Oct 24, 2018  By Jewish National Fund  Category: Blueprint Negev,

Medical pair spends vacation sharing expertise in Israel's desert

(L-R) Central Arava Resource Development Associate Samatha Levy,
 nurse Annette Vaccaro, Dr. Dana Sless, and JNF Central Arava liaison Noa Zer,
 following a lecture on early childhood development.

While many would choose to use their vacation time to go to Europe or lounge on a beach, one medical duo decided to head to Israel's desert and give back.

Dr. Dana Sless, who specializes in pediatric and adolescent health care in Atlantic City, NJ, and nurse Annette Vaccaro, based in Troy, NY, went deep in the heart of the sandy Central Arava, a region that sits between the Dead Sea and Eilat along the Jordanian border and is home to some 8,700 people. They spent a week giving lectures and seminars at Jewish National Fund's Danielle A. and Irving J. Grossman Arava Medical Center.

Sless -- whose Atlantic County practice is committed to all stages of parenthood, child development, and adolescent wellness -- came across an article in JNF's B'Yachad magazine last year featuring Dr. Rivki Ofir, one of the principal researchers at JNF's Central Arava Research and Development Center, and felt immediately drawn to the magic of this tranquil, close-knit community community. At the center, biologists are focused on finding cures for cancer, Alzheimer's, and ALS.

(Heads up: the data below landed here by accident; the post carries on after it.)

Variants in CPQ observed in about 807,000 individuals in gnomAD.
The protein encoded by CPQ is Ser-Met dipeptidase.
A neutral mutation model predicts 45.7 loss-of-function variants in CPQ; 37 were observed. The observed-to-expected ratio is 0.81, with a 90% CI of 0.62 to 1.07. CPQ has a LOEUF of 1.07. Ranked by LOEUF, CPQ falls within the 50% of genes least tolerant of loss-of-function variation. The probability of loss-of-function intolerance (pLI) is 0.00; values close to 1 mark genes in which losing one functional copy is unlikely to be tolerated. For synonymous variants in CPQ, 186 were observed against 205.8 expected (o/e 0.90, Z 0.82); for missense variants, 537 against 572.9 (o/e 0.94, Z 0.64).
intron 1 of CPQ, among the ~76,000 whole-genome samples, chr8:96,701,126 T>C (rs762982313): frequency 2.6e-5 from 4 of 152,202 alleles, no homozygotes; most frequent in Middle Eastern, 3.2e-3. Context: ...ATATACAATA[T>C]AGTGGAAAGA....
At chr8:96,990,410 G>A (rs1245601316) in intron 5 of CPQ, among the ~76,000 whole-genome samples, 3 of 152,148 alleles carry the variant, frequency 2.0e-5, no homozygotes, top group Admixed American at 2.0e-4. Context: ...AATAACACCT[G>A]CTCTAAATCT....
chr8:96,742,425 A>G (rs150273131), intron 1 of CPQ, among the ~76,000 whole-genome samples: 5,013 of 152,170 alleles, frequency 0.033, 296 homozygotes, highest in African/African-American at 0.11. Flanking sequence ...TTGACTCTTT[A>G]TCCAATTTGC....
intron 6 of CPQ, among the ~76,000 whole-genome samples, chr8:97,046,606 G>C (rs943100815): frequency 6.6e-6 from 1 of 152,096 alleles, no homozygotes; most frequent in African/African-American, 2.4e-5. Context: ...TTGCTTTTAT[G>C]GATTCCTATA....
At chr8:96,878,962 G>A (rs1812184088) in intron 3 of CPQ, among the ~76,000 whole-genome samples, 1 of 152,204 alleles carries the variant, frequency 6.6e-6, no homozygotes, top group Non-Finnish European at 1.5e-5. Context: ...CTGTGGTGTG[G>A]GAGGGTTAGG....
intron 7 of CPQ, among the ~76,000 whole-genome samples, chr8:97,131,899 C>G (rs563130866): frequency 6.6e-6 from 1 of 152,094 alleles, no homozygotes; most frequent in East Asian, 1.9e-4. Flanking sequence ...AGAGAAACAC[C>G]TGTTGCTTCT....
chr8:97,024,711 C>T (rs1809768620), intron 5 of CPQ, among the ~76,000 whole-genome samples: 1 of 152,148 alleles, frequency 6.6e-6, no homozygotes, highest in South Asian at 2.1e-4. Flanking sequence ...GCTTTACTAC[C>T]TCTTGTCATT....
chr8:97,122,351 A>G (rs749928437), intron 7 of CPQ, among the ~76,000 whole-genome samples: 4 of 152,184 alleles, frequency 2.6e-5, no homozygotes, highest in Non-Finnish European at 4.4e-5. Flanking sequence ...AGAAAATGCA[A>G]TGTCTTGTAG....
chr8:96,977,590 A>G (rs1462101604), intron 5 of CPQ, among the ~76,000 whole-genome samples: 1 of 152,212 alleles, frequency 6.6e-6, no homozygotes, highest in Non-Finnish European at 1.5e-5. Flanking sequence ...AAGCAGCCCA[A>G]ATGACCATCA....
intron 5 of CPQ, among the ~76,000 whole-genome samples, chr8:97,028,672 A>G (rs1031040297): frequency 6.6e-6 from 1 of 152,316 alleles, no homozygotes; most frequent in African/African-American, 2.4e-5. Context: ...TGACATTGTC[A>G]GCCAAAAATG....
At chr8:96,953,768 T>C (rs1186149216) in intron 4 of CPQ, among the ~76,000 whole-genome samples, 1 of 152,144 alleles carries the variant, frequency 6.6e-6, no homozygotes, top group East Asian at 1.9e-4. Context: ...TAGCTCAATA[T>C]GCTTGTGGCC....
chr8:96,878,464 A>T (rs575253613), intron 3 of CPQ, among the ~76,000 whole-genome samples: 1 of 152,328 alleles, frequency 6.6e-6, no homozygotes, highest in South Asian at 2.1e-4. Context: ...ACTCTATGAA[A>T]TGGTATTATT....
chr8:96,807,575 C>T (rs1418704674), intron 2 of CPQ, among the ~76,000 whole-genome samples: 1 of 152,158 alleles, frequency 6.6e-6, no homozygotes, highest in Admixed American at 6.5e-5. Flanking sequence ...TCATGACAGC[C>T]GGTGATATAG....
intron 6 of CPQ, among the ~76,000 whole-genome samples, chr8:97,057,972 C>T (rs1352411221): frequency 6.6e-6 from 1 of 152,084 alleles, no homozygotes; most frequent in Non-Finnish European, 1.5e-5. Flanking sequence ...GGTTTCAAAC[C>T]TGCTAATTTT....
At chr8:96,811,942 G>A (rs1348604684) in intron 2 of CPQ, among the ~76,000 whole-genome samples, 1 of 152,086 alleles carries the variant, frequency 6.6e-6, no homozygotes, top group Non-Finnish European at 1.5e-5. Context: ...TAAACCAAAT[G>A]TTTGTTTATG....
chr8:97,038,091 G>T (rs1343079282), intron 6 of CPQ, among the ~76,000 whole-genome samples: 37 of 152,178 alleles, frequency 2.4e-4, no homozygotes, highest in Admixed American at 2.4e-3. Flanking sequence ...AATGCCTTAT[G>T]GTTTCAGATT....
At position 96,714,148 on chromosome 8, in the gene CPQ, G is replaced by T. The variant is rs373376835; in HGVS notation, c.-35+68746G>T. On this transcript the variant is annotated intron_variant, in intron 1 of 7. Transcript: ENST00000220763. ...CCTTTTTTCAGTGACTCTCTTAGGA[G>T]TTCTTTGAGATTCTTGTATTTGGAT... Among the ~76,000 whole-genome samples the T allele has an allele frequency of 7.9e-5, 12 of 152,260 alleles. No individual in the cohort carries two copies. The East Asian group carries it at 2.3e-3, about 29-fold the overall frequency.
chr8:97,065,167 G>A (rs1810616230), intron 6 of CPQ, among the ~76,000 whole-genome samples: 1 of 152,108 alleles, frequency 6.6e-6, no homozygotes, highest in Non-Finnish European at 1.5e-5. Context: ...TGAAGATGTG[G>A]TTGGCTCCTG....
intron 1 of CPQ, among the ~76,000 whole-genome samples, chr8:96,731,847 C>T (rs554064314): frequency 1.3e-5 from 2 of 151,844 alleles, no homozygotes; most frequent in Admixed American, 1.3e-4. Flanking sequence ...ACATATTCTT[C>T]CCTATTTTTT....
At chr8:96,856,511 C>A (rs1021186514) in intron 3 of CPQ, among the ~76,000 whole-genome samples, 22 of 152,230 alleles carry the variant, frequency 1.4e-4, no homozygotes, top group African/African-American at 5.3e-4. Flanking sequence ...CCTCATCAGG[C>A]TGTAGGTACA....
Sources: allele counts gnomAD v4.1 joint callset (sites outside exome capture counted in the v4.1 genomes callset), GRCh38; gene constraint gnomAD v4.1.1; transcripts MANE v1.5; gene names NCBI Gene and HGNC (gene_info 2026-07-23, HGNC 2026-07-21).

"I've always felt a sense of connection to my Jewish heritage, and a particularly close connection to Israel," Sless said following a powerful and emotional week in the Arava. "This is the type of giving back I had wanted to do my entire life, and if I don’t do it now, then when?"

Dr. Sless giving a talk in the Arava.
The new medical center has been a source of renewed spirit for the growing community. 

In 2017, it recorded over 10,800 general and 4,410 specialist visits or medical attention. Alongside the medical center, the Nancy Simches Emergency Response Center is in the final stages of construction and will serve as a headquarters to respond to major events, like the seasonal flooding that claimed 10 young lives last spring.

“The nurses here are phenomenal and the residents are some of the kindest, most amazing people I’ve met in my life," said Sless, but added that pediatric care in the region is still being developed. Sless and Vaccaro spent their vacation providing courses on nutrition, vaccination safety, and childhood development, and sharing tips on adolescent mental and emotional health. 

“They really created a buzz around health, and helped stimulate more questions about health care among our people here,” said Noa Zer, JNF's Central Arava liaison. “This stems from the connection of the Jewish people and the people in Israel. Everyone instantly felt this link. It’s the people-to-people interaction and aspect of understanding that somebody is giving their personal time and experience to help our mishpacha (family).”